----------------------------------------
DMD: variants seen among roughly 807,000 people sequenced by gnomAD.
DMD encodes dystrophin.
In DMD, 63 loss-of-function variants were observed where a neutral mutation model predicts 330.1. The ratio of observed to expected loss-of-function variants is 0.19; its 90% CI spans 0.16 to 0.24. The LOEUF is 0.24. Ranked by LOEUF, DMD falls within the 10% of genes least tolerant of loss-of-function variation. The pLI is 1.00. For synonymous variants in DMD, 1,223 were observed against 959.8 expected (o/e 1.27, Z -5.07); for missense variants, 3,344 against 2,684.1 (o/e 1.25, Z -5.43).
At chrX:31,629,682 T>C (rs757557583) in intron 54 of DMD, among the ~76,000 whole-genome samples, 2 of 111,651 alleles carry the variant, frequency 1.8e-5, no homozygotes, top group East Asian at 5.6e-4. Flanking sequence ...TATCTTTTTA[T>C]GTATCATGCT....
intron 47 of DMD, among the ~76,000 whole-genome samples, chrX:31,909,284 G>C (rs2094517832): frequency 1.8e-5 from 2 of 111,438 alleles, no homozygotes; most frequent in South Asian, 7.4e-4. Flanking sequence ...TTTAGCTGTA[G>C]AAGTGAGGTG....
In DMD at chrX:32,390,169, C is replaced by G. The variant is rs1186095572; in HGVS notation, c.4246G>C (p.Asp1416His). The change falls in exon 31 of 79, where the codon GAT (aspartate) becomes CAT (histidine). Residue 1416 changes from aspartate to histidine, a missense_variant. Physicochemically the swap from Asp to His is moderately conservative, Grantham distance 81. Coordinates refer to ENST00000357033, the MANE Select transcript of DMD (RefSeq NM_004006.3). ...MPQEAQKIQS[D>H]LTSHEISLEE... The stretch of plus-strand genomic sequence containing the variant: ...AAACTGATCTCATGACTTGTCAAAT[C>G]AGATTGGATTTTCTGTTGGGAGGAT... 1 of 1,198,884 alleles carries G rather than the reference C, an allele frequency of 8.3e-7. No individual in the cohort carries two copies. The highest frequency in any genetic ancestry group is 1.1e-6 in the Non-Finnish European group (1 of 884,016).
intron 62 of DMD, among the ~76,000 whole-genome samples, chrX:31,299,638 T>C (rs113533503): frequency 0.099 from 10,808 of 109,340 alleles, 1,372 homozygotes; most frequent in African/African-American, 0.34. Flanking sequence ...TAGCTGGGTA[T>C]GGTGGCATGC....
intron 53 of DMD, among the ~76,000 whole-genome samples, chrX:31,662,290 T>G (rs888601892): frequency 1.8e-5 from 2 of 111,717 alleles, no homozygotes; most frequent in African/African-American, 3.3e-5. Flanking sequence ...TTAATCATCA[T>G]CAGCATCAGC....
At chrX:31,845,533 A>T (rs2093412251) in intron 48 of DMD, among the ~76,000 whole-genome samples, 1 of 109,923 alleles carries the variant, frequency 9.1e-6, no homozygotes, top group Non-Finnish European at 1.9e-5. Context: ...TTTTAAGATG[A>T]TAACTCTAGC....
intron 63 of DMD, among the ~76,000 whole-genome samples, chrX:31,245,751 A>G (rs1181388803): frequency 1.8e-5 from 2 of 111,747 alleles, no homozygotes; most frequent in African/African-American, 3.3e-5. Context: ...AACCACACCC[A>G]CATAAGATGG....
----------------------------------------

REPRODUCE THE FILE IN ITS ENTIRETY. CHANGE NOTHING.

DMD: variants seen among roughly 807,000 people sequenced by gnomAD.
DMD encodes dystrophin.
In DMD, 63 loss-of-function variants were observed where a neutral mutation model predicts 330.1. The ratio of observed to expected loss-of-function variants is 0.19; its 90% CI spans 0.16 to 0.24. The LOEUF is 0.24. Ranked by LOEUF, DMD falls within the 10% of genes least tolerant of loss-of-function variation. The pLI is 1.00. For synonymous variants in DMD, 1,223 were observed against 959.8 expected (o/e 1.27, Z -5.07); for missense variants, 3,344 against 2,684.1 (o/e 1.25, Z -5.43).
At chrX:31,629,682 T>C (rs757557583) in intron 54 of DMD, among the ~76,000 whole-genome samples, 2 of 111,651 alleles carry the variant, frequency 1.8e-5, no homozygotes, top group East Asian at 5.6e-4. Flanking sequence ...TATCTTTTTA[T>C]GTATCATGCT....
intron 47 of DMD, among the ~76,000 whole-genome samples, chrX:31,909,284 G>C (rs2094517832): frequency 1.8e-5 from 2 of 111,438 alleles, no homozygotes; most frequent in South Asian, 7.4e-4. Flanking sequence ...TTTAGCTGTA[G>C]AAGTGAGGTG....
In DMD at chrX:32,390,169, C is replaced by G. The variant is rs1186095572; in HGVS notation, c.4246G>C (p.Asp1416His). The change falls in exon 31 of 79, where the codon GAT (aspartate) becomes CAT (histidine). Residue 1416 changes from aspartate to histidine, a missense_variant. Physicochemically the swap from Asp to His is moderately conservative, Grantham distance 81. Coordinates refer to ENST00000357033, the MANE Select transcript of DMD (RefSeq NM_004006.3). ...MPQEAQKIQS[D>H]LTSHEISLEE... The stretch of plus-strand genomic sequence containing the variant: ...AAACTGATCTCATGACTTGTCAAAT[C>G]AGATTGGATTTTCTGTTGGGAGGAT... 1 of 1,198,884 alleles carries G rather than the reference C, an allele frequency of 8.3e-7. No individual in the cohort carries two copies. The highest frequency in any genetic ancestry group is 1.1e-6 in the Non-Finnish European group (1 of 884,016).
intron 62 of DMD, among the ~76,000 whole-genome samples, chrX:31,299,638 T>C (rs113533503): frequency 0.099 from 10,808 of 109,340 alleles, 1,372 homozygotes; most frequent in African/African-American, 0.34. Flanking sequence ...TAGCTGGGTA[T>C]GGTGGCATGC....
intron 53 of DMD, among the ~76,000 whole-genome samples, chrX:31,662,290 T>G (rs888601892): frequency 1.8e-5 from 2 of 111,717 alleles, no homozygotes; most frequent in African/African-American, 3.3e-5. Flanking sequence ...TTAATCATCA[T>G]CAGCATCAGC....
At chrX:31,845,533 A>T (rs2093412251) in intron 48 of DMD, among the ~76,000 whole-genome samples, 1 of 109,923 alleles carries the variant, frequency 9.1e-6, no homozygotes, top group Non-Finnish European at 1.9e-5. Context: ...TTTTAAGATG[A>T]TAACTCTAGC....
intron 63 of DMD, among the ~76,000 whole-genome samples, chrX:31,245,751 A>G (rs1181388803): frequency 1.8e-5 from 2 of 111,747 alleles, no homozygotes; most frequent in African/African-American, 3.3e-5. Context: ...AACCACACCC[A>G]CATAAGATGG....